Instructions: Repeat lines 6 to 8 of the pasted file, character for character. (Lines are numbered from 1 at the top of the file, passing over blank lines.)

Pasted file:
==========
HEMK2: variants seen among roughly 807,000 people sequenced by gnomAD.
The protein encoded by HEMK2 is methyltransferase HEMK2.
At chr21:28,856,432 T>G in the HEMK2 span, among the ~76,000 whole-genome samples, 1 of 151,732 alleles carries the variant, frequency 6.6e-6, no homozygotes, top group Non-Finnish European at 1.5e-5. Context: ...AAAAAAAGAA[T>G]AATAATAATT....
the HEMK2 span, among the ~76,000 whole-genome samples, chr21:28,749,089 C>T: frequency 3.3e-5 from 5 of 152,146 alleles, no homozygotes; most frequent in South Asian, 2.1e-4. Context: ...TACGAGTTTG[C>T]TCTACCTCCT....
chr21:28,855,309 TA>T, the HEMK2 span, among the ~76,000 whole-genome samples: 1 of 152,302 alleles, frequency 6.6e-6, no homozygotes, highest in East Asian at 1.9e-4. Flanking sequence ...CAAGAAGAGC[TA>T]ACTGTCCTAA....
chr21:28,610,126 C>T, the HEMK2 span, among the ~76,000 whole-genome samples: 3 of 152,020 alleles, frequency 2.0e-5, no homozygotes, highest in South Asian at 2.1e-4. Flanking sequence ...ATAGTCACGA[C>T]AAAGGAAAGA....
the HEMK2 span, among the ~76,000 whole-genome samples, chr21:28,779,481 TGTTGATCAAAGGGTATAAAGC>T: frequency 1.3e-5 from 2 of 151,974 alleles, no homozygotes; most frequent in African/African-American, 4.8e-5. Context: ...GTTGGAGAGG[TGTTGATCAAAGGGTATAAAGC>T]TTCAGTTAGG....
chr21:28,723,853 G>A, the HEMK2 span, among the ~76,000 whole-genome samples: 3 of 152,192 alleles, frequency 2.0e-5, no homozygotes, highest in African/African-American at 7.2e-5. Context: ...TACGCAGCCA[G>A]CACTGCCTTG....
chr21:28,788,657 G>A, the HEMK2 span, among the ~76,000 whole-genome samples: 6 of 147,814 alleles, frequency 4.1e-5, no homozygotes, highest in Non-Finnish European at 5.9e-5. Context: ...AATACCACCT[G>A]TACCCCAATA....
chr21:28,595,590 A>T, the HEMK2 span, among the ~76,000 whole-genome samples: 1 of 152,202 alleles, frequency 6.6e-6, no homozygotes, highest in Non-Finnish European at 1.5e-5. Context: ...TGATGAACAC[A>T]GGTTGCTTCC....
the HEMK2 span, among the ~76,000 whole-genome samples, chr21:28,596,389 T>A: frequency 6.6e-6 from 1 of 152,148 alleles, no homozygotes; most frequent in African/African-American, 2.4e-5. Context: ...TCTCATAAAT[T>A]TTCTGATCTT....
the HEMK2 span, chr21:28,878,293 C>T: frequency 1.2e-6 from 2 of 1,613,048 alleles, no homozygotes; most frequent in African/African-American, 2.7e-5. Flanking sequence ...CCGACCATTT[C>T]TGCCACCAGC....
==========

chr21:28,610,126 C>T, the HEMK2 span, among the ~76,000 whole-genome samples: 3 of 152,020 alleles, frequency 2.0e-5, no homozygotes, highest in South Asian at 2.1e-4. Flanking sequence ...ATAGTCACGA[C>T]AAAGGAAAGA....
the HEMK2 span, among the ~76,000 whole-genome samples, chr21:28,779,481 TGTTGATCAAAGGGTATAAAGC>T: frequency 1.3e-5 from 2 of 151,974 alleles, no homozygotes; most frequent in African/African-American, 4.8e-5. Context: ...GTTGGAGAGG[TGTTGATCAAAGGGTATAAAGC>T]TTCAGTTAGG....
chr21:28,723,853 G>A, the HEMK2 span, among the ~76,000 whole-genome samples: 3 of 152,192 alleles, frequency 2.0e-5, no homozygotes, highest in African/African-American at 7.2e-5. Context: ...TACGCAGCCA[G>A]CACTGCCTTG....